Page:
Estimating the time that a biological trace (such as blood, semen or saliva) was deposited at a crime scene can aid the investigators immensely when trying to reconstruct the crime. Knowledge about trace timing allows decisions to be made regarding whether the identified donor could potentially be the perpetrator, and may also help to find potential eye witnesses or additional suspects.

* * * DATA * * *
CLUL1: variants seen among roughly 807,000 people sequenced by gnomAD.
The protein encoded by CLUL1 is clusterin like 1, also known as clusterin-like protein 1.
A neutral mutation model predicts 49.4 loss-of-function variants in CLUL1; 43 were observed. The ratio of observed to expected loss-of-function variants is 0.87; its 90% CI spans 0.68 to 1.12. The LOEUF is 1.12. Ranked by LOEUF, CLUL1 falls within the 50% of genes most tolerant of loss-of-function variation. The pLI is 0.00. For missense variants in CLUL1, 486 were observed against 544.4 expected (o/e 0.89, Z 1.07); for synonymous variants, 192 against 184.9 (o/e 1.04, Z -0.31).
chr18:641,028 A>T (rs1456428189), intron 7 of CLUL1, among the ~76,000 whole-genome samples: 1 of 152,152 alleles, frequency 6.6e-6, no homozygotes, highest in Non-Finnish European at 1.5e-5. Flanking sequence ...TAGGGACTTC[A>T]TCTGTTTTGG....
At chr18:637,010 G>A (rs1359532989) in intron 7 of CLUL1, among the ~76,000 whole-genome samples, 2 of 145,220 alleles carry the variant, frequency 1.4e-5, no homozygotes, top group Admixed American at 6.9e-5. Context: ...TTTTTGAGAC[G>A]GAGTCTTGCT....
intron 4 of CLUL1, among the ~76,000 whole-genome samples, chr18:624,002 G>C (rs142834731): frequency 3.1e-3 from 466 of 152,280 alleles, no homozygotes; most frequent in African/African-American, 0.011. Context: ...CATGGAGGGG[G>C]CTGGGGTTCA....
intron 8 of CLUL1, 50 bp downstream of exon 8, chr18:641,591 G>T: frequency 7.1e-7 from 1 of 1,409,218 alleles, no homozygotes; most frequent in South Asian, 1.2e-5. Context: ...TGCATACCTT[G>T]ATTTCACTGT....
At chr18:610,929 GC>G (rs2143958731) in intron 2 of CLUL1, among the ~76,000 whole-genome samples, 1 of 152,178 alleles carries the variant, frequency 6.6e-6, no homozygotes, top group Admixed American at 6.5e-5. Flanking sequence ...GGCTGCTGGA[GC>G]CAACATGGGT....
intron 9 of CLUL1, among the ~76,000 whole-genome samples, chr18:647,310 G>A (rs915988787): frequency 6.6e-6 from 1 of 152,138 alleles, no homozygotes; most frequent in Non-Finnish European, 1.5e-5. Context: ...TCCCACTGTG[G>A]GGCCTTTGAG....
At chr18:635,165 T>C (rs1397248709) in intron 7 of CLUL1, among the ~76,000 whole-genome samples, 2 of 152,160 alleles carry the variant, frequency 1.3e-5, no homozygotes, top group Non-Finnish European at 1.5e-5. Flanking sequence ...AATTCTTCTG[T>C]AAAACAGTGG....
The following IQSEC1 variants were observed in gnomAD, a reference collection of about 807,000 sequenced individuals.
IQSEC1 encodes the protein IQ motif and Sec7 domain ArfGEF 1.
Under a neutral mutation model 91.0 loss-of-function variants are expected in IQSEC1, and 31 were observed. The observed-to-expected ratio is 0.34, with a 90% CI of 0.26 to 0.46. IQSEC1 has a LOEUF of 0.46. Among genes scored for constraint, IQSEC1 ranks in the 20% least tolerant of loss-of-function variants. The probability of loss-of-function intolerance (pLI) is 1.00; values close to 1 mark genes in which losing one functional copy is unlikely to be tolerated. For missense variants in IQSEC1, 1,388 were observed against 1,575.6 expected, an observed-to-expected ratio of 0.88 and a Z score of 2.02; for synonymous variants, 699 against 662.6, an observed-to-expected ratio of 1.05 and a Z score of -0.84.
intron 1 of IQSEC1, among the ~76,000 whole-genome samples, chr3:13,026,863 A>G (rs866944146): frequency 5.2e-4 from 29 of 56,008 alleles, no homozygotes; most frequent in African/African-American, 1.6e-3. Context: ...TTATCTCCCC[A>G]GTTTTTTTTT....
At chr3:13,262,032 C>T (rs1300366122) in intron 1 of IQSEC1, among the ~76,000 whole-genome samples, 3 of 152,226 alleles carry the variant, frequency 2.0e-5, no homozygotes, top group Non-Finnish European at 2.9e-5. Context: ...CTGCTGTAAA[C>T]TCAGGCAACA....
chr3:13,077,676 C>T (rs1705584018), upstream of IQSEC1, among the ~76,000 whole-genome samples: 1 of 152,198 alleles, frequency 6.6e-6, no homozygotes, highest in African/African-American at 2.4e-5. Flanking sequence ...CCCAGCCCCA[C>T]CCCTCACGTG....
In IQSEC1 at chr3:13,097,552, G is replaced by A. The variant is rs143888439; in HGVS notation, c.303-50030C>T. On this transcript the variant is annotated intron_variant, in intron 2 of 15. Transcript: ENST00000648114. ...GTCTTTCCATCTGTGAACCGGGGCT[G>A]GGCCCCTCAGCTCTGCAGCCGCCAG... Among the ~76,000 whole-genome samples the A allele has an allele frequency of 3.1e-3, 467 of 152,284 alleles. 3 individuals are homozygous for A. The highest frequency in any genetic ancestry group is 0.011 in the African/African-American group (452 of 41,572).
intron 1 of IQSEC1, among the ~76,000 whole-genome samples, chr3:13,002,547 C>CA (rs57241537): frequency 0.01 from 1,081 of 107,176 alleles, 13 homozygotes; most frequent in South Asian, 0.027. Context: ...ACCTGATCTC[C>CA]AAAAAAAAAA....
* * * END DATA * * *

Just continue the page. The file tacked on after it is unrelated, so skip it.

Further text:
Timing forensic samples can be seen from two aspects. One side addresses the length of time a sample was present at the crime scene (hours, days, weeks, months etc), whereas the other determines the time point (the time of the day or night) a trace was deposited at a crime scene. The first aspect we investigate by trying to understand time-wise degradation processes of biomarkers. We are searching for biomarkers with different (but reliable) degradation patterns that may be useful for relative age estimation of samples. The second aspect we are approaching with the help of chronobiology. We are searching for circadian biomarkers that show sufficiently large concentration differences within the 24h day/night period and at the same time are not influenced by in vitro degradation processes. In principle this may allow investigators to estimate the time at which a sample left the body at the crime scene.